I spent the 50th anniversary of Charles de Gaulle’s death in quarantine in Montreal. This wasn’t planned, I hasten to add. In fact my current location is the only reason I know about the anniversary at all: it’s amazing what you find time to read when you’ve just reached a city and aren’t allowed out to enjoy it.
In 1967, the centenary of Canada’s confederation, de Gaulle, then President of France, visited Montreal’s World’s Fair and cried ‘Vive le Québec libre!’ to the delight of the crowd, many of whom also felt Quebec should be an independent nation. Like de Gaulle, I’m a blow-in – my husband is Canadian, and we’re here to see his parents – but, I hope, a slightly less disruptive one.
Stuck inside, with just dinner to look forward to (and boy, do I look forward to dinner these days…) I’ve started thinking about freedom, and what we ask of it. Never mind grandiose questions of identity: right now, I’d like the freedom to give my mother-in-law a hug. (She loves hugs so much she was once fired – from a volunteer position, but still – for insisting on hugging a café’s clientele.) I want to order a small plate or 20, and too many glasses of great wine, at Le Vin Papillon, probably my favourite Montreal bar, or cook for the many friends here who we aren’t permitted to see. There’s stirring the pot, which De Gaulle was so good at, and then there’s delivering up its contents onto someone’s plate. Provocation is provocation, but homecooked food is love.
Helpfully, on that score, Lesley Chesterman, until recently the Montreal Gazette restaurant critic, has sent me her new cookbook, Chez Lesley, and its pages transport me into the living city. Not via so-called Quebec specialties: there’s no tourtière meat pie, sticky-sweet pudding chômeur (literally, Unemployed Man’s Pudding), or heaven forbid, poutine, that ghastly amalgamation of chips, gravy and curd cheese. No, instead, all the strands of this vibrant immigrant culture are here. Many dishes have French or Italian roots; there are curries, scones and Lesley’s Ukrainian grandma’s Chicken Kiev. Lesley is perfectly bilingual, and the occasional English word amid the French hints at the complexities of Quebec’s language wars (this is Canada’s only officially French-speaking province). But there’s no snippiness, just an unabashed gourmandise as joyous as an over-order at Vin Papillon.
Like thousands of outsiders before me, I feel at home chez moi in Montreal, but at this point, I’d also appreciate a little liberté. I’ve been here ten days and haven’t yet bought a bagel. Forget sovereignty – I want hot, sesame-sprinkled dough, the gift of the city’s original Jewish immigrants. Today, the ovens blaze continually and Montrealers have the freedom to source fresh bagels at any time, day or night. Unless they’re in quarantine, of course.
In winter, the ice in the parks is smoothed into free rinks, and tiny children zoom past you at warp speed beneath leafless trees glittering with frost. This is my only Montreal memory that doesn’t involve food or drink. I miss shopping for the world’s sweetest corn at Jean Talon market during the few autumn weeks the corn season lasts; or eating exquisite roundels of tender octopus with Frantz Chagnoleau’s Clos Saint-Pancras Mâcon-Villages at L’Express, the French restaurant France wishes it had. You can’t discuss freedom in Quebec without mentioning the very peculiar alcohol laws (I’ll come to that), but how I miss the wine bars. Last year, I drank Sota Els Angels, a white made from the red Carignan grape, in the bohemian Bar Suzanne, where ferns spill like streamers from overhead beams; DB Schmitt’s orange Müller-Thurgau, as funky as the décor, at VinVinVin; and Domaine Tempier’s glorious red at Provisions Bar à Vin, with its butcher’s counter.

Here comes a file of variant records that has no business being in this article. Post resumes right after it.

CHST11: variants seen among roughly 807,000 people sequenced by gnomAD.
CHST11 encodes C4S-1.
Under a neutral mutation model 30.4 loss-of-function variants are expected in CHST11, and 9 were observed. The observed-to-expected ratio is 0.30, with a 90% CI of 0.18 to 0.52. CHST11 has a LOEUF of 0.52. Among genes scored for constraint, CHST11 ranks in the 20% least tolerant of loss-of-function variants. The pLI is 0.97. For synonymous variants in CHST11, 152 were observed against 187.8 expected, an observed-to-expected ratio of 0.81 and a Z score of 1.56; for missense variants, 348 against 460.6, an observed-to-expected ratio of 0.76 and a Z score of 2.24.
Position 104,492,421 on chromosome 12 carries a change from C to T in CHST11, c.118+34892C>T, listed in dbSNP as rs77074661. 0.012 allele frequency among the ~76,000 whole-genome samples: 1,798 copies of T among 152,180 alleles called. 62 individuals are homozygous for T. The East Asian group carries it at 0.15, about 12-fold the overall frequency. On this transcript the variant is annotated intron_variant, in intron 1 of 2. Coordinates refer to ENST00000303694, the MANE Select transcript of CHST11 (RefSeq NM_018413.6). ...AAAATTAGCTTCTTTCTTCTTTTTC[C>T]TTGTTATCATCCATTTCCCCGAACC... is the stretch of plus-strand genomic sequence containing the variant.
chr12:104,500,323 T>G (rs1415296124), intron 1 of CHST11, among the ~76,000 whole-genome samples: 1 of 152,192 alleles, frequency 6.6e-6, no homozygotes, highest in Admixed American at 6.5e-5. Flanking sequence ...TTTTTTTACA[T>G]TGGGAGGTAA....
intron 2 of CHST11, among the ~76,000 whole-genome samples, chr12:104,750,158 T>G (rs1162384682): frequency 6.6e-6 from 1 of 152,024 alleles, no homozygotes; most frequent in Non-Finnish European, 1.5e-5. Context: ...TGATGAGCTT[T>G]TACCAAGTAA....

At least I’m still well supplied with wine which, here, must be bought from the government, via the SAQ (Société des Alcools du Québec) monopoly. I’m ambivalent about the SAQ. Montreal’s independent importers can only sell to restaurants, so while obscure small producers appear on wine lists, they aren’t championed elsewhere. The SAQ outlets do get small allocations of cult wines, but you need to be faster than a seven-year-old on skates to grab them.
And yet. The SAQ and its Ontario equivalent are the world’s biggest wine buyers, and that offers freedom of another kind: the range is broad, the prices keen. I remember an impulse pick, of a GD Vajra Barbera d’Alba, from a discount bin, that was so delicious I went straight back to clean out the remaining stock. Of course, I had to show up before the draconian, government-mandated closing time: 6pm (or, woohoo, 7pm on Thursdays and Fridays).
There are other constraints. At present, I’m limited to the SAQ’s online store, and without the freedom to touch or discuss an intriguing bottle, I simply return to wines I know. In captivity, I’m a less adventurous drinker. Not all closed doors are external.
Quebec is still part of Canada, to many Francophones’ irritation, and still insists on French, to the outrage of some Anglophones. It won’t sell me wine in quite the way I’d like, and right now, it won’t sell me dinner at all. But there are many kinds of freedom, and this city has tolerance, generosity, creativity and appetite, to say nothing of bagels and bottles and people I love. Vive Montréal libre! And now, please, a little liberté for me, too.